Susie Stageberg papers, 1881-1961.
There are 26 Entities related to this resource.
Supreme Court of the United States, final court of appeal and final expositor of the Constitution of the United States. Within the framework of litigation, the Supreme Court marks the boundaries of authority between state and nation, state and state, and government and citizen. Scope And Jurisdiction The Supreme Court was created by the Constitutional Convention of 1787 as the head of a federal court system, though it was not formally established until Congress passed the Judiciary Act in 17...
Henry Agard Wallace (October 7, 1888 – November 18, 1965) was an American politician, journalist, and farmer who served as the 11th U.S. Secretary of Agriculture, the 33rd vice president of the United States, and the 10th U.S. Secretary of Commerce. He was also the presidential nominee of the left-wing Progressive Party in the 1948 election. The oldest son of Henry C. Wallace, who served as the U.S. Secretary of Agriculture from 1921 to 1924, Henry A. Wallace was born in Adair County, Iowa in...
Curtis MacDougall was born on February 11, 1903, in Fond du Lac, Wisconsin. He started his career as a journalist there at the Fond du Lac Commonwealth-Reporter at the age of fifteen. He received a BA in English from Ripon College in Wisconsin in 1923. He went on to obtain a Master's from Northwestern University in 1926 and a Ph.D. in Sociology at the University of Wisconsin in 1933. After working at several newspapers, he joined the faculty of Northwestern University in 1935. During the depress...
Minnesota's Democratic-Farmer-Labor Party (DFL) was officially formed on April 15, 1944, the result of a merger of the existing Democratic Party and the Farmer-Labor Party. Although the two entities had competed vigorously throughout their pasts, they had been brought into closer harmony through their mutual support of New Deal programs, through Popular Front collaborations during World War II, and through a realistic acceptance of the fact that they were effectively splitting the s...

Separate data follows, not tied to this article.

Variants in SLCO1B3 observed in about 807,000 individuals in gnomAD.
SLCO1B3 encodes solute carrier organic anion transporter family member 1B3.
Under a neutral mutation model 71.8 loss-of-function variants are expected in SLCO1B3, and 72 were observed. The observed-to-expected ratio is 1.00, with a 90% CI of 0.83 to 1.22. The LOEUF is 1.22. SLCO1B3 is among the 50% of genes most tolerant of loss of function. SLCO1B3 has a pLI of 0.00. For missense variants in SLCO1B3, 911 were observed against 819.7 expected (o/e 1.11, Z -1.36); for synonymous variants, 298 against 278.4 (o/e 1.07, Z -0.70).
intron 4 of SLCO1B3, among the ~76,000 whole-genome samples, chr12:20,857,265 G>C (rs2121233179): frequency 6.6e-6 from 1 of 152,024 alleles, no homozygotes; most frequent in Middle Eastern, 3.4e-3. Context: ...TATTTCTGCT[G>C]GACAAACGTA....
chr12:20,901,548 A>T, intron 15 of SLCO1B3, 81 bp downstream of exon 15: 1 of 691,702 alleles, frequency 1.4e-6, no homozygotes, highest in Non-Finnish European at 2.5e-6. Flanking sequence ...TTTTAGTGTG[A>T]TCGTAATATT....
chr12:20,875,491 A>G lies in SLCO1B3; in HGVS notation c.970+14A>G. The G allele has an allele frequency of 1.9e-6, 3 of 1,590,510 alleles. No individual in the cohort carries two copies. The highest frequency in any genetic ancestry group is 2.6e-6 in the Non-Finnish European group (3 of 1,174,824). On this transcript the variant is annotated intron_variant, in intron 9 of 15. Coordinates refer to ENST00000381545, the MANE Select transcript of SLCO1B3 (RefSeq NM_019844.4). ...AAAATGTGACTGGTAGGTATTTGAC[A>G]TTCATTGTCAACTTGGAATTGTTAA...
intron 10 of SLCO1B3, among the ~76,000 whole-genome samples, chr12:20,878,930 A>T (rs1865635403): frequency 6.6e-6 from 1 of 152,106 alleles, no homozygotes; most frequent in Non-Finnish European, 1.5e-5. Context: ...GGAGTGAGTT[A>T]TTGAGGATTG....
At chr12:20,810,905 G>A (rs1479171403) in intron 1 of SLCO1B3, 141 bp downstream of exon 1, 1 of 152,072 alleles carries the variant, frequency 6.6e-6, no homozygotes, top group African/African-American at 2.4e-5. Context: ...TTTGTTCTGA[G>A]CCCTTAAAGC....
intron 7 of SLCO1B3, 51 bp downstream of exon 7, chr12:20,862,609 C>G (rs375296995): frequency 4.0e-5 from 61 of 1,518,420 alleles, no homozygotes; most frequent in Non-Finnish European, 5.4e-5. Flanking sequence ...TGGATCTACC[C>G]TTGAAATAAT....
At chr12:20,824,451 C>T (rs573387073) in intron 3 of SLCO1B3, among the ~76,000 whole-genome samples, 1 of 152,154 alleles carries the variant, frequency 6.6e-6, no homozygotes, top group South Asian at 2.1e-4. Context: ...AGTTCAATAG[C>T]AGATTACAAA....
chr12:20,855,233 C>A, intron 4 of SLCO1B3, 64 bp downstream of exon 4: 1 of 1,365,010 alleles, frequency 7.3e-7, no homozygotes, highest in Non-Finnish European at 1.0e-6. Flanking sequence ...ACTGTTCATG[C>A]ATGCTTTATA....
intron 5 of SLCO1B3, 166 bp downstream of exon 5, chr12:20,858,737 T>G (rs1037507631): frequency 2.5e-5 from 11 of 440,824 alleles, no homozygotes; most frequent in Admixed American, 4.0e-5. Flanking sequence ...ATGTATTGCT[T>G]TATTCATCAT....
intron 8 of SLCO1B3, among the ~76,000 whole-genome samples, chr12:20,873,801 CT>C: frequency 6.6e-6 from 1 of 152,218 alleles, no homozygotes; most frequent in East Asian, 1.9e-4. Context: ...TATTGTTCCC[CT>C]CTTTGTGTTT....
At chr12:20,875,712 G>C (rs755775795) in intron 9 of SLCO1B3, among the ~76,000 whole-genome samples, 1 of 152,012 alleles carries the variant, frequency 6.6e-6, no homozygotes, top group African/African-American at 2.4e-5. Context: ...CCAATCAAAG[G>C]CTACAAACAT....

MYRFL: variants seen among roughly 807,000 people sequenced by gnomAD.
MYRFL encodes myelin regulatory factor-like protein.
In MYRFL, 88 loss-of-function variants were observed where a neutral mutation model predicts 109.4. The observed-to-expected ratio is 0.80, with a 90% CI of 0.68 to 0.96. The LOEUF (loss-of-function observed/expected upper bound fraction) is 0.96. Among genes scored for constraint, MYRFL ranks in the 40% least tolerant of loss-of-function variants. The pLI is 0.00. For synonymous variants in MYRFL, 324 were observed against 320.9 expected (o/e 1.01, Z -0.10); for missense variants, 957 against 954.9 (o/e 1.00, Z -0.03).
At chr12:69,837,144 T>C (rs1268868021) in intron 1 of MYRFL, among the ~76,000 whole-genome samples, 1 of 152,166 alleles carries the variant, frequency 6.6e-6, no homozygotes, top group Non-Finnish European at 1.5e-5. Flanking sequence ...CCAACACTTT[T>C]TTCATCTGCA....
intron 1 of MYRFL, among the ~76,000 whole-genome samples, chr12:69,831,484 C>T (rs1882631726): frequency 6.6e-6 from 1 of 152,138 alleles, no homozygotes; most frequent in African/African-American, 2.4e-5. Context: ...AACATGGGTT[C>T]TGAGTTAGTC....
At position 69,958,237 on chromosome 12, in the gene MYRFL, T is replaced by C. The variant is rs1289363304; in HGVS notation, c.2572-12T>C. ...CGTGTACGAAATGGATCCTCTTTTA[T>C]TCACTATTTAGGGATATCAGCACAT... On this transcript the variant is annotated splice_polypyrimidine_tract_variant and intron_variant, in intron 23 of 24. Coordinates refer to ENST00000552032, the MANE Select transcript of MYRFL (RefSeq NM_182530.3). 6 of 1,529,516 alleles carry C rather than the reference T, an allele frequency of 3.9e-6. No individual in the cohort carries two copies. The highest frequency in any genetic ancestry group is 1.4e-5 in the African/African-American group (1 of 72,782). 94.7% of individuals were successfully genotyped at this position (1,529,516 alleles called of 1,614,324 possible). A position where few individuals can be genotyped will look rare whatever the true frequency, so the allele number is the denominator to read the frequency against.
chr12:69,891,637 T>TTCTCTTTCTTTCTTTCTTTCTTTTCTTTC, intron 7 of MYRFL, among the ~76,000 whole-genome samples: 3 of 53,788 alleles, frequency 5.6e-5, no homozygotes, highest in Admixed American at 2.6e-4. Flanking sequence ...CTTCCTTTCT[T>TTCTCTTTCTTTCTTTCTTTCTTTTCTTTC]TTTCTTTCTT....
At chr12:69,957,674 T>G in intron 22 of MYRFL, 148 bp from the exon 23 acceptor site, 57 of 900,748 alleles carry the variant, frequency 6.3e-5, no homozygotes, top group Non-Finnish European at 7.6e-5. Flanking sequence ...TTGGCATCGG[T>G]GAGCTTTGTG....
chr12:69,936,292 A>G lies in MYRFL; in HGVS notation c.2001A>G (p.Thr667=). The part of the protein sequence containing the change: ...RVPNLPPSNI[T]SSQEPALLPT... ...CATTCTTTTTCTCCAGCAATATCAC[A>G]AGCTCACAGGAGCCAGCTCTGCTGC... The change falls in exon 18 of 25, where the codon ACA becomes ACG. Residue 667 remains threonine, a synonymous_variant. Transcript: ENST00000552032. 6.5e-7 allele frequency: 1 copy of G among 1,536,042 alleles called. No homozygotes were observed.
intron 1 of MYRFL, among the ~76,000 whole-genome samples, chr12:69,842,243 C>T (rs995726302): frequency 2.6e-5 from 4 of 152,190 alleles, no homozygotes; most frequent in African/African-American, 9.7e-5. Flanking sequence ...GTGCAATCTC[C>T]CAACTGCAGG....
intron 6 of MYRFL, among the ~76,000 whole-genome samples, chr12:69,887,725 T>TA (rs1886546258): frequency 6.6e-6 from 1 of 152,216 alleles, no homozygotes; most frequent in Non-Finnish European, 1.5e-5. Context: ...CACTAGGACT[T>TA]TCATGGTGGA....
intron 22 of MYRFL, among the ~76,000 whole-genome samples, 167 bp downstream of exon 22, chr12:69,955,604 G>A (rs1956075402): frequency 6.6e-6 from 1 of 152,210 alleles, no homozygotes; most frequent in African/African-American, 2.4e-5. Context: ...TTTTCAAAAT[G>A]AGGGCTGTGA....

Belle Case La Follette (April 21, 1859 – August 18, 1931) was a women's suffrage, peace, and Civil Rights activist in Wisconsin, United States. La Follette worked with the women's peace party during World War I. At the time of her death in 1931, The New York Times called her "probably the least known yet most influential of all American women who have had to do with public affairs in this country." A native of Summit, Wisconsin, Belle Case attended the University of Wisconsin at Madison from ...
American lawyer and politician; United States representative from Minnesota, 1917-1919 and 1933-1937; United States senator from Minnesota, 1937-1940. From the description of Ernest Lundeen papers, 1860-1944. (Unknown). WorldCat record id: 754868861 Biographical Note 1878 August 4 Born near Beresford, South Dakota 1898 ...
Chemist; President of the North Dakota Agricultural College, 1916-1921; U.S. Senator, 1921-1925; advocate of pure food and drugs. From the description of Edwin Fremont Ladd papers, 1891-1909. (State Historical Society of North Dakota State Archives). WorldCat record id: 17798854 Born at Starkes, Maine, son of John and Rosilla Locke Ladd. Graduated from University of Maine 1884, 1890 hired as chemistry professor at North Dakota Agricultural College, married Rizpah Sprogle 189...
Benson was appointed state commissioner of securities by Governor Floyd B. Olson in 1933 and commissioner of banks later the same year. In 1935 he was appointed to the U.S. Senate to fill an unexpired term and served until 1936. He was elected governor of Minnesota in 1936 but was defeated for reelection in 1938. From the description of Oral history interview with Elmer A. Benson, 1969 March 28. (Minnesota Historical Society Library). WorldCat record id: 45441449 ...